As a number of people have said now, characters seem far more believable when they are given traits that a reader might be able to relate too, real human traits. That, however, is just what is necessary to get the ball rolling. From here it is all through contrast and “counter-pointed characterization� that characters are actually given value in a story.
Since a story is all in a readers mind, how they decipher the words on the page, and there is no actual way to make sure all readers decode the story the same, everything must be thought of on a relative scale. Whether a character truly exemplifies an emotion or idea in a certain situation is not as important as what/who they are juxtaposed against. That is the key to making the characters stand out and is also why the use of both static and dynamic characters or flat and round characters are all important together. It is not just one of them that makes or breaks the story, but who they are compared to in the course of events.
Beyond the contrast, great fictional characters are hard to find in my opinion. I must be able to relate to them on more than one level. If I can relate to them in only a specific situation then I may enjoy that part, but still the character will lack life. It is hard enough sometimes to imagine an entire world just from words- maybe just my lack of imagination sometimes- but if I do not know that a person could actually live in a described way, or have a described feeling or idea, their part in the story does not hold any more weight than the page it is printed on.

I think faults aren’t the most important part of characterization. What is more important are unique character traits, specific desires, singularity. I think Farrington is a good example of this. If he was simply a lazy, abusive drunk, he would certainly have faults, but he would just as certainly be a stereotype. Even by adding solely the detail of Farrington’s embarrassment over being beaten in arm wrestling, or his thoughts on paying for another round of drinks, James make Farrington a stronger character. These are not faults per se, but they are solid concrete traits. They are aspects of Farrington’s character that belong solely to him. Strong characters, real characters, have details that are not necessarily good or bad, details that are simply parts of those characters. They have counter-pointing within themselves.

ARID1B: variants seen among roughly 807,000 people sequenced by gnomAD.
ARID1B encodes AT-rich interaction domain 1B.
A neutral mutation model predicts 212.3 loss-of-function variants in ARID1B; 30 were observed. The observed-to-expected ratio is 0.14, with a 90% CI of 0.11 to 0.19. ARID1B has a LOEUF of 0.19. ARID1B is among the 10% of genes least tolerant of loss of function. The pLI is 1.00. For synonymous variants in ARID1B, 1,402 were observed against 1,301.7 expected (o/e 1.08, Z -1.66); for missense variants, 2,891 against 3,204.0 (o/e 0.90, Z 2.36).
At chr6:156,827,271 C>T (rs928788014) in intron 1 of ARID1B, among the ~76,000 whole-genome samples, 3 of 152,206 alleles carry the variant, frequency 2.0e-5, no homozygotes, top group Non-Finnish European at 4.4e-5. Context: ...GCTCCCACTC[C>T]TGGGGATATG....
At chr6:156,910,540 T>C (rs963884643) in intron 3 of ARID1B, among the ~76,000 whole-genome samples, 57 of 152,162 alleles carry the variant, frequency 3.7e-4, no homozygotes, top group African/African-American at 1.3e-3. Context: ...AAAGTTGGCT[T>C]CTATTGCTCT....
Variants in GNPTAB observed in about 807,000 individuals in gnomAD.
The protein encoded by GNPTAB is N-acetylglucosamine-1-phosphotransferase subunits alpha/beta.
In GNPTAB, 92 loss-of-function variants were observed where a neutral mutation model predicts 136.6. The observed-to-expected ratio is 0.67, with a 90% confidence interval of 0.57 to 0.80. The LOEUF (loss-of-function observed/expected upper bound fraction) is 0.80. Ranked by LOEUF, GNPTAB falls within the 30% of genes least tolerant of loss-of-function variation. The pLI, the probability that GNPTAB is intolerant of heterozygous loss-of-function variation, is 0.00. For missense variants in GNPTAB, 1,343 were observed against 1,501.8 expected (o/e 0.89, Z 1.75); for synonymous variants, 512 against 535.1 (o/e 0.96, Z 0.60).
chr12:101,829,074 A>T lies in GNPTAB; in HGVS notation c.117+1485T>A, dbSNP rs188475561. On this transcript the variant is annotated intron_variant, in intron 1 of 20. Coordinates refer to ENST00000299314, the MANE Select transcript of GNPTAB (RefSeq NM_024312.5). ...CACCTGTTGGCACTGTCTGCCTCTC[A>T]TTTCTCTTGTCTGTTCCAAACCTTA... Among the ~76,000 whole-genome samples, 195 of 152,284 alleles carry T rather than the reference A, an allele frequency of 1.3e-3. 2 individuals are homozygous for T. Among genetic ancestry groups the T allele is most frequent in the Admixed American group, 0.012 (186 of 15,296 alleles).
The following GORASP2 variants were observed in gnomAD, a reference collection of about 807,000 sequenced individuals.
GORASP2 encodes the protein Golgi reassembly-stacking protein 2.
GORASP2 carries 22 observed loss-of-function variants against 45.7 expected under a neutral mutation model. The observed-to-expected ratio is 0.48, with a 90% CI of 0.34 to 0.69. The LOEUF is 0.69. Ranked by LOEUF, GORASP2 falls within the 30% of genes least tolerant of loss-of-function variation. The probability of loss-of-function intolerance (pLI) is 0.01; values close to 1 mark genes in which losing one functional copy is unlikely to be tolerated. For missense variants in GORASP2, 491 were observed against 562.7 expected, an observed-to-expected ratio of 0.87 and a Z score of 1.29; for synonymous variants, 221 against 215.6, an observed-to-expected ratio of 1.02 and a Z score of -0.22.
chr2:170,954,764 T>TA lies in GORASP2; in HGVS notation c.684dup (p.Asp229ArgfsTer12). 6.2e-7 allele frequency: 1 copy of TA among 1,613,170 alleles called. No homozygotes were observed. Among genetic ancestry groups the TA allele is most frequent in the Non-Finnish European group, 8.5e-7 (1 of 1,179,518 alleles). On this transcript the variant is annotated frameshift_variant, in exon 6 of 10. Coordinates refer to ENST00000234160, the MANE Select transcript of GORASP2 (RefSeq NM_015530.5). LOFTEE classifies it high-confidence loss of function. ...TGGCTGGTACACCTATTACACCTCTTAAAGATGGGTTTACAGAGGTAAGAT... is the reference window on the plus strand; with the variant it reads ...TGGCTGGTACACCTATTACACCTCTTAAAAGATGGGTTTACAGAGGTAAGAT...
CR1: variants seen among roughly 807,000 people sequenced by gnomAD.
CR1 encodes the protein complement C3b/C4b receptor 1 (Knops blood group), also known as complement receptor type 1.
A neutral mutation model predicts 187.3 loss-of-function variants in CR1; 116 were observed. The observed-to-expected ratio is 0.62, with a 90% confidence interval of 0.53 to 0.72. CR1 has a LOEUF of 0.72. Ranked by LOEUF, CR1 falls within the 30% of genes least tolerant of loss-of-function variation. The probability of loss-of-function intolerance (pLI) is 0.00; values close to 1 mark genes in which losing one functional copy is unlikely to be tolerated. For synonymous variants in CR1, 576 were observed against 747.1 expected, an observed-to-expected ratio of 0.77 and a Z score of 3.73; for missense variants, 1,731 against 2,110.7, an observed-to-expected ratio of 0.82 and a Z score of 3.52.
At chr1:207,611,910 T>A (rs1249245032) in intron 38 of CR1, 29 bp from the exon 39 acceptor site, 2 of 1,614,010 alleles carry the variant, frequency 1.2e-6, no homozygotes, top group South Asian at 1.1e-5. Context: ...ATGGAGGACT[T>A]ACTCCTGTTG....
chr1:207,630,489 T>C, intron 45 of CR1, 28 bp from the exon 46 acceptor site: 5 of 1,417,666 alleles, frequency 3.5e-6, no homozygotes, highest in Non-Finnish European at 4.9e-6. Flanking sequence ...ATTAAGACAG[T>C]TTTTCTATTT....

In the wikipedia definition, it talks about how static characters can be used to serve as thematic or plot elements. The same can be said of flat characters. Stories with clear morals objectives need these kinds of characters. Round characters have ambiguity, if the story wants to clearly delineate good and evil, then it needs flat characters.

A very memorable unlikable narrator was Dr. Sheppard, from Agatha Christie’s The Murder of Roger Ackroyd. I actually liked him quite well until his confession at the end. And, obviously, this book would not be nearly as good if Dr. Sheppard were simply who he appeared to be through most of the book.

I think what makes Marquez's characters so real is the LACK of detail. The reason I think this is because nobody is exactly as they seem. There is always more than what is worn on the sleeve. Also, some people may present a false "front" of who they are and may be completely different from what they show others.

Not all books are filled with stock characters. I think this is because characters that may not seem real may challenge your way of thinking.

The differences between round and flat do make sense to me, same with dynamic and flat characters.


To me, a strong fictional character is a round character. One that has that feeling of "realness". If I could in any way, shape, or form could relate to the character, thats the first sign I see that marks a strong character. There are other characters that I cant relate to that are strong, but it sometimes takes me a bit longer to notice it.

A story like Chronicle of a Death Foretold could/and did, get away with a type or caricature of a character. Doing that kept you guessing for more-hoping to learn more about this intruiging character.

Id say journals/diaries and romantic novels would rely on a likable main character. I cannot remember a story Ive read where I didnt like the main character and did like the book. Usually, if I didnt like the main character, it lead me to dislike the book.

Marquez and Joyce establish a feeling of realness in their characters through their flaws. The thing that really makes a person human is their imperfectness. Many stories use the heroic character archetype for their protagonist, which often leads little room to have a flaw (unless they're tragic heroes). I think by giving their characters flaws and making them not so likeable